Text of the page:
Tradition as an Excuse: Beyond Meetings

I must admit: this book was not what I expected it to be. For some reason I cannot explain, the title, Beyond Meetings, gave me the impression I would be learning how to navigate deep, intimate conversations with students outside of a formal meeting. While there are bits of this interspersed within the book, I was surprised to find the majority of it was related to advising for programmatic success (I suppose reading subtitles is important). Moreover on my mistakes: on page 8, before the book actually starts, there is a disclaimer that “reading this book from beginning to end is probably not going to be as valuable as looking at the Table of Contents and skipping ahead to the chapters that are most relevant to your current situation.” I did not read page 8 until I had done exactly what I was (supposed to be) warned about.

Regardless of my titular misconceptions and eagerness to get into the bulk of the book, I found this collection of stories to be supportive and reassuring, yet of little practical help. I truthfully have difficulty recalling any specific story or experience any of the contributors describe in the book, but I do recall how reading the stories made me feel inspired to maintain resilience in challenging and trying times. It was comforting to read about the honest difficulties other professionals struggle with and to recognize how commonplace they must be in our field in order to be published in a book. However, the vast majority of this book felt inapplicable to me—challenges might be similar between institutions, but no two sets of student organizations, advisor dynamics, or institutional parameters are exactly like.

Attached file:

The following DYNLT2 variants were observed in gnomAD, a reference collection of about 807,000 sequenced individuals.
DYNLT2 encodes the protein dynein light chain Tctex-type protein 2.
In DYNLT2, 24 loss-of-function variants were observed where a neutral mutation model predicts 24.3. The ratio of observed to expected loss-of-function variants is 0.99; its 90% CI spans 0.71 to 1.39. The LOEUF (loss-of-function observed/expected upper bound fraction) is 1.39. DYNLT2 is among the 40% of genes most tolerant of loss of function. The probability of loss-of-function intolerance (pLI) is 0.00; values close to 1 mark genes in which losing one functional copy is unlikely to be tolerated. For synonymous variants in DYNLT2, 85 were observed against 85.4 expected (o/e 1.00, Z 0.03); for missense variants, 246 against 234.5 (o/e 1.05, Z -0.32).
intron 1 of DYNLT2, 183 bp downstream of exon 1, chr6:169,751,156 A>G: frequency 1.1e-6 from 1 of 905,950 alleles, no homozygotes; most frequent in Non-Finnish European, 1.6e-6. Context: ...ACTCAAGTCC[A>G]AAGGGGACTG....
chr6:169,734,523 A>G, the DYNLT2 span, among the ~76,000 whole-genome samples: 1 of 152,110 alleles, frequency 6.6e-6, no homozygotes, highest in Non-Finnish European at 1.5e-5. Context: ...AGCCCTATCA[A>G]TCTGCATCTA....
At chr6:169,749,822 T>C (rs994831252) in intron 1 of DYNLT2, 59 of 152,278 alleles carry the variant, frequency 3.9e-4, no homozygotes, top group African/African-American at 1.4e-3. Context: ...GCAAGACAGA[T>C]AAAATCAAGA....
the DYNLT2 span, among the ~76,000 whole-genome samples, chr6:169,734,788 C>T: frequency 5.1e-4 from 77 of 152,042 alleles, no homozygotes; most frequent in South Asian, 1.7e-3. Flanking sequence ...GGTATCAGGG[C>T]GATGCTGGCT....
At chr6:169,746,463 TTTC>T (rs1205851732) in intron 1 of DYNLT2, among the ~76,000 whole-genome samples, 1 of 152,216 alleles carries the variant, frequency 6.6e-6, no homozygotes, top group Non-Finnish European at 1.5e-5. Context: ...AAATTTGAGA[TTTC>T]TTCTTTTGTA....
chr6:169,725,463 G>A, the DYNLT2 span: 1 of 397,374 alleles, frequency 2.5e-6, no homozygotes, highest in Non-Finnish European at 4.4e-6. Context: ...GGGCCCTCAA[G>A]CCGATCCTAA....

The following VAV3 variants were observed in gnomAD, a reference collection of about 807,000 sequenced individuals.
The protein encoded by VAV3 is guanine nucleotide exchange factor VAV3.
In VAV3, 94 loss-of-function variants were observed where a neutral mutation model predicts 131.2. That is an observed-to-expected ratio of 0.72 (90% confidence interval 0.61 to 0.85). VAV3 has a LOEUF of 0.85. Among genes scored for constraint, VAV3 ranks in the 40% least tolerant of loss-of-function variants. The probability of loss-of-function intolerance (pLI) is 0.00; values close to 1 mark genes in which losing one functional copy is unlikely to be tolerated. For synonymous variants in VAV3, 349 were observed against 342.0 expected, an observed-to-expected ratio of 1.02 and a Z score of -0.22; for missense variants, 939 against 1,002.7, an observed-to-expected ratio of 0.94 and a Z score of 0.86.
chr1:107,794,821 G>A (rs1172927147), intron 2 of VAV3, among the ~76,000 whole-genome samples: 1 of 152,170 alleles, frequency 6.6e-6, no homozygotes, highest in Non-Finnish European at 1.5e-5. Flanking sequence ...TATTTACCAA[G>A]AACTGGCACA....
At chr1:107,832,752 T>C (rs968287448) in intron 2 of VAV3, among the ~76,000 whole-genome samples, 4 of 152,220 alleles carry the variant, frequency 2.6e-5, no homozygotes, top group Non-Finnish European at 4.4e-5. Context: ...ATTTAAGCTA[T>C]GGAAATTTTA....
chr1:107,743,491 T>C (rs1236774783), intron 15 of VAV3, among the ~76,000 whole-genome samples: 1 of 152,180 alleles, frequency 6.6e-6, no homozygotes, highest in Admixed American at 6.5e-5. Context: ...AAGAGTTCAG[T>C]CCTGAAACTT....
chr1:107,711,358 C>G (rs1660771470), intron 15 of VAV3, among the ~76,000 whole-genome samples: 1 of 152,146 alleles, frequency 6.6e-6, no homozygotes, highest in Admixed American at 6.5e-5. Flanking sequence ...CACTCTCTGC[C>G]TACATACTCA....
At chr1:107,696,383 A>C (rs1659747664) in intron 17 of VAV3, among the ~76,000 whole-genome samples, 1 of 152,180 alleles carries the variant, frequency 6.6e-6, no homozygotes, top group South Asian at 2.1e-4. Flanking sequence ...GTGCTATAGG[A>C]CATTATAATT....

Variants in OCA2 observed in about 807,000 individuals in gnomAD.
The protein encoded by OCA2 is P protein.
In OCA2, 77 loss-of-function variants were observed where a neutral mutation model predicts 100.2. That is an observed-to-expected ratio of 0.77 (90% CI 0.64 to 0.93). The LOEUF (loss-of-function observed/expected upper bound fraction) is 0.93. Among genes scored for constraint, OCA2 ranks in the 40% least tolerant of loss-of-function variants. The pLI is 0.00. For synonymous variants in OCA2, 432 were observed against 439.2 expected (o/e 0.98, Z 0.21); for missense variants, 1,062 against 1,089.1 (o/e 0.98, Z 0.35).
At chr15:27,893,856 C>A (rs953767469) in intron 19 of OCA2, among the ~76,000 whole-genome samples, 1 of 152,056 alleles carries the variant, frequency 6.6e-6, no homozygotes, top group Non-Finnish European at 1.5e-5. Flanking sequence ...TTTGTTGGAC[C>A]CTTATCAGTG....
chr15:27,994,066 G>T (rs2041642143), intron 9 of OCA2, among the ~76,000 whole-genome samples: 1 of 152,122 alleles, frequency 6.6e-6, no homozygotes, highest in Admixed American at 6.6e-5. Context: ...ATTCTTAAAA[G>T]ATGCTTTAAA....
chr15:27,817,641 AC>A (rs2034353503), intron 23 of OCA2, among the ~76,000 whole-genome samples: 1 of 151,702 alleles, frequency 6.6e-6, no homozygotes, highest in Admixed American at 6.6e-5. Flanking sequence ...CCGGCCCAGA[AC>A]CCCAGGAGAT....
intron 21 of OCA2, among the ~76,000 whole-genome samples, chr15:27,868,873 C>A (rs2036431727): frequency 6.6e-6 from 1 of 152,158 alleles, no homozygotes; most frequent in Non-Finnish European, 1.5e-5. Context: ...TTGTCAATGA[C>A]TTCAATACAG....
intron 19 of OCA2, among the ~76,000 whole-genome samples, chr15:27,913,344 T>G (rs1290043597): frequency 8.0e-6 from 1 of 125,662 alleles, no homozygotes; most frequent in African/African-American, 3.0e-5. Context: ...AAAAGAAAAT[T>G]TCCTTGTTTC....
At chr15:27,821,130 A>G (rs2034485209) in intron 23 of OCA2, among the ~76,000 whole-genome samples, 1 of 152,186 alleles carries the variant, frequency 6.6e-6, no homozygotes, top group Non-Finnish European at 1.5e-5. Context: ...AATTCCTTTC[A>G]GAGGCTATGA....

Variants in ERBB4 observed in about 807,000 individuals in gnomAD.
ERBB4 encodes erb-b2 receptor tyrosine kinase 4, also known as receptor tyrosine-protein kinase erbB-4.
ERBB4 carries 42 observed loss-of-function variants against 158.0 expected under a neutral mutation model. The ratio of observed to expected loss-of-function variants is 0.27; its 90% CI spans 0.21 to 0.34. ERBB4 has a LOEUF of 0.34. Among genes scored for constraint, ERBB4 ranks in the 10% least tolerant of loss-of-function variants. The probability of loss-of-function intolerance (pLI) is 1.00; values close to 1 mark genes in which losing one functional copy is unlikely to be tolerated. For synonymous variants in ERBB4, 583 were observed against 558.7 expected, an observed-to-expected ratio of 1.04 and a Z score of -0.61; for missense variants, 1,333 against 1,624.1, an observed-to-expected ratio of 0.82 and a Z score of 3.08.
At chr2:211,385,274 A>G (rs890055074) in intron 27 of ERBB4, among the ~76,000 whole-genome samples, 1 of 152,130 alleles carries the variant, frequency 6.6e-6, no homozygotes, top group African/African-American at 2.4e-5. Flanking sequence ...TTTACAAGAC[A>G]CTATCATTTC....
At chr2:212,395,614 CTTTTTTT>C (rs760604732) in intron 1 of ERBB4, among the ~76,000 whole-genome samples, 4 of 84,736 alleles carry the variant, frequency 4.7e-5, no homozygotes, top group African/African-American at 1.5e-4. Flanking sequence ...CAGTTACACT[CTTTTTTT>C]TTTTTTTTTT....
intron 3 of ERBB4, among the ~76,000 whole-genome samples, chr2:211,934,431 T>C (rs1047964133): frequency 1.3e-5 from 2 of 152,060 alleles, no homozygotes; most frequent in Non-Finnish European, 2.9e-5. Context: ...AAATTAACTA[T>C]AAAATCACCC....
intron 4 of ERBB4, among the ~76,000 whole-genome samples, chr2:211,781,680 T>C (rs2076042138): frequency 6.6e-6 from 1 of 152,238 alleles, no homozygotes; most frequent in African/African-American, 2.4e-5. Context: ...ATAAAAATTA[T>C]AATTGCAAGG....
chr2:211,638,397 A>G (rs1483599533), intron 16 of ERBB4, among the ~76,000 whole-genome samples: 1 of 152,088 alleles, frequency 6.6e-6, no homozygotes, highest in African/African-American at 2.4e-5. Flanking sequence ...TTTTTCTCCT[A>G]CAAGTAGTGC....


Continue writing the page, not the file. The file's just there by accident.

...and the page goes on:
However, I did find one story to be eye-opening; it begins on page 112. Annalise Sinclair began her role as a Greek Life programs advisor, a role I feel is similar to mine. She talks about how her first team of students was small, had limited institutional knowledge, and was too familiar with the phrase “that is the way it has always been done” when it came to planning events.  Her experience was that tradition, while valuable, was being used as an excuse to “keep to doing what is safe and what is comfortable.” I relate strongly.

Annalise’s solution was to encourage her students to think about programs differently in all respects. She began to see the successes, products, and even failures of innovation and creativity on her campus unfold in regards to campus programs and activities. She acknowledges the fear of risk and failure associated with deviating from tradition, but ultimately reflects on her experiences with gratitude and confidence.

In my current role, I struggle a lot with breaking away from the familiar and comfortable. It could be a number of factors: my limited time here, a team stuck in its ways, the culture of our town/institution, or programmatic learned helplessness. However, I am encouraged by this section in the book to continue working towards programs and solutions that are innovative and carry the ability to leave an impact on this campus. While I doubt Annalise’s experience can be directly applied to my situation, I am nonetheless inspired and reassured by her victories.


Lifelong Learning

Sonja Ardoin’s The Strategic Guide to Shaping Your Student Affairs Career

Chapter four is all about lifelong learning, which one of the contributors, Mat, describes as “capitalizing on opportunities and responding to the unexpected, even when it is extremely harsh, to create something positive.”